A potentially significant issue for intra-jurisdictional carbon pricing regimes is that (e.g., for administrative or political reasons) certain emissions sources may be subject to favorable (or zero) prices and, moreover, the impacts of a direct carbon price might be partially offset (or enhanced) by changes in pre-existing fuel taxes. Focusing the agreement on “effective” carbon prices, which account for both these factors, would allow provinces flexibility in meeting the floor (e.g., they could implement differentiated pricing so long as lower prices for favored sources are compensated by higher prices elsewhere and emissions implications of fuel tax adjustments would be counted).34 It would also make “chiseling” on the agreement transparent, by indicating to what extent effective carbon prices may have been reduced through lower fuel taxes. The measurement of effective carbon prices in the Canadian context is discussed later.

III. Provincial Level Impacts of Carbon Pricing

This section briefly describes, and presents results from, a simple analytical model, solved in a spreadsheet, for obtaining a first-pass assessment of the environmental, fiscal, and economic welfare impacts of carbon pricing at the provincial level and uses the model to illustrate how effective carbon pricing might be operationalized. A quick assessment of the incidence of carbon pricing at the national level in Canada is also presented.

A. Analytical Model

An analytical model similar to the one used here has been previously applied to carbon pricing (and other policies) in China and India and the reader is referred to those studies35 for mathematical specifics and typical parameter assumptions (e.g., for fuel price responsiveness and rates of technological change).

The model distinguishes use of coal, natural gas, and a non-carbon fuel aggregate in power generation; gasoline and diesel use in road transport; and direct use of coal, natural gas, and oil in the household and industrial sector (including non-road transport). Provincial fuel use by sector is aggregated from 2014 data in NEB (2016) and projected forward to 2022 in a BAU case using (i) provincial projections of annual GDP growth (between 1 and 2 percent, again from NEB 2016), (ii) income elasticities for the energy products (between 0.6 and 0.7), (iii) rates of autonomous technological change for energy efficiency (0.5 percent a year for fossil generation, 1.25 percent for zero-carbon generation, and 0.75 percent in other sectors), and (iv) future fuel prices (based on averaging over flat price forecasts in IMF 2017 and rising forecasts in IEA 2016). Fuel taxes, and markups over crude prices (e.g., for processing and transportation), are fixed in real terms.

The impact of carbon pricing on fuel use depends on various (constant) elasticities, which are set at −0.5 (a typical mid-point range used in the literature) for use of gas and petroleum products in the road transport and household/industrial sectors (with half the response reflecting improvements in energy efficiency and the other half reductions in product use). The price elasticity for electricity is also set at −0.5, and fuel substitution elasticities within power generation are chosen such that (conditional) coal and gas demand elasticities are −0.5 and −0.75, respectively.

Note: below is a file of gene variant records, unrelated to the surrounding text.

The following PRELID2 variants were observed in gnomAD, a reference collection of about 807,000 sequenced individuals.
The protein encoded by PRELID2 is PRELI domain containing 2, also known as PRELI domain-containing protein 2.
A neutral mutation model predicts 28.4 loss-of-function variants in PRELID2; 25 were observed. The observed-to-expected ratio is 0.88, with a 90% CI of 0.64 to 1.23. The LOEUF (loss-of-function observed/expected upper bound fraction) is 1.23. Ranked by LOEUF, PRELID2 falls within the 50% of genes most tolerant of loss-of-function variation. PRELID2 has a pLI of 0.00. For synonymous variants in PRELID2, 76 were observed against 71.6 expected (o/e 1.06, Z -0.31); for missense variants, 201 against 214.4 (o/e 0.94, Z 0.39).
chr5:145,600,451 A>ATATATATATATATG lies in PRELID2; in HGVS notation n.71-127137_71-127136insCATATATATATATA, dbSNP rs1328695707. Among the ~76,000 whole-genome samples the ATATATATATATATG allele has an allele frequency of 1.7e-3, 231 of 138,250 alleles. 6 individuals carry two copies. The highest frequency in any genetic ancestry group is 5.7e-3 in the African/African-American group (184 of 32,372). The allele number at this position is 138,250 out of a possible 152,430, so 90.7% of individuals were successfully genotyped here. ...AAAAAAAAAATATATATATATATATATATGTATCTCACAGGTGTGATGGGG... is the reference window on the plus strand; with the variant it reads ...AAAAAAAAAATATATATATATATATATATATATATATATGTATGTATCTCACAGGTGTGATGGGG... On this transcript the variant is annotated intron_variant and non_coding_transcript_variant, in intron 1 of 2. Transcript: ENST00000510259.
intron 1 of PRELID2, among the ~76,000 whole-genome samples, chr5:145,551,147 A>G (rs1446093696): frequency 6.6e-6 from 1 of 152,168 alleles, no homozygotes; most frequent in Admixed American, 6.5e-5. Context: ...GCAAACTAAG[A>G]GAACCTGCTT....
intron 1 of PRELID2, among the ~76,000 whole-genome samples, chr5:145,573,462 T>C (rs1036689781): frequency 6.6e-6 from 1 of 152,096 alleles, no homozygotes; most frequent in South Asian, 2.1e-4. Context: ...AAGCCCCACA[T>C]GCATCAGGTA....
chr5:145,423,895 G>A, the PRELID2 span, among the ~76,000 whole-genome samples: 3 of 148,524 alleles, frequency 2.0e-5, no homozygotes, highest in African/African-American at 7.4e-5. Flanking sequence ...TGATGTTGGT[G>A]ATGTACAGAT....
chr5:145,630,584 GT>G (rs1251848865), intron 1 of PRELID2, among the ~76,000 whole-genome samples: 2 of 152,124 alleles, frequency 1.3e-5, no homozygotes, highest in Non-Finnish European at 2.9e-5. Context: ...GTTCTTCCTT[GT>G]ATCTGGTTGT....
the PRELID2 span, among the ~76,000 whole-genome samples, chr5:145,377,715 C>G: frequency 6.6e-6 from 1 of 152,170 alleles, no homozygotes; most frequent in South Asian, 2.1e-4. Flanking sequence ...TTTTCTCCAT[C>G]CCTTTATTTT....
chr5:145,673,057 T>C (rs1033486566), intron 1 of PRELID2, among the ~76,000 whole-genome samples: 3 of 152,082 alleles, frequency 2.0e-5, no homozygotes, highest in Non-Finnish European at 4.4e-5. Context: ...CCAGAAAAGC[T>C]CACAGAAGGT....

User prices for gasoline and diesel vary modestly across provinces due to differences in provincial excises, while prices for coal, natural gas, and other petroleum products are taken as a given across provinces. Carbon pricing raises fuel prices in proportion to the fuel’s CO2 emissions factors (account is not taken here of pricing for other GHGs from fuel combustion).36 Delivered electricity prices37 for 2014 vary between 7.3 (in Quebec) and 14.5 (in Alberta) cents per kWh, and these prices change in the future with changes in generation costs (which vary with technological change, international fuel prices, and carbon price-induced fuel price increases) for particular fuels (weighted by the fuel’s share in total generation). Any current carbon pricing in a province is set to zero in the BAU case (with BAU fuel use rising correspondingly) and each province is then assumed to implement a $50 per tonne carbon price, where the carbon price applies comprehensively across fossil fuel CO2 emissions—this provides a clean comparison across provinces.38

The focus is on CO2 emissions (rather than GHGs more broadly), and the impacts of carbon pricing on these emissions are easily calculated from the changes in fuel use and carbon emissions factors. Revenue calculations account for changes in the bases of provincial level fuel taxes, but not broader taxes on businesses and firms (that might be indirectly affected through changes in economic activity) nor federal level taxes. Economic welfare costs are calculated using extensions of standard formulas (for changes in consumer and producer surplus in fuel markets) in public finance, accounting for prior fuel tax distortions39 and costs are also calculated net of domestic externality benefits (e.g., reductions in local air pollution deaths, traffic congestion) using (updated) national-level estimates of these externalities for Canada.40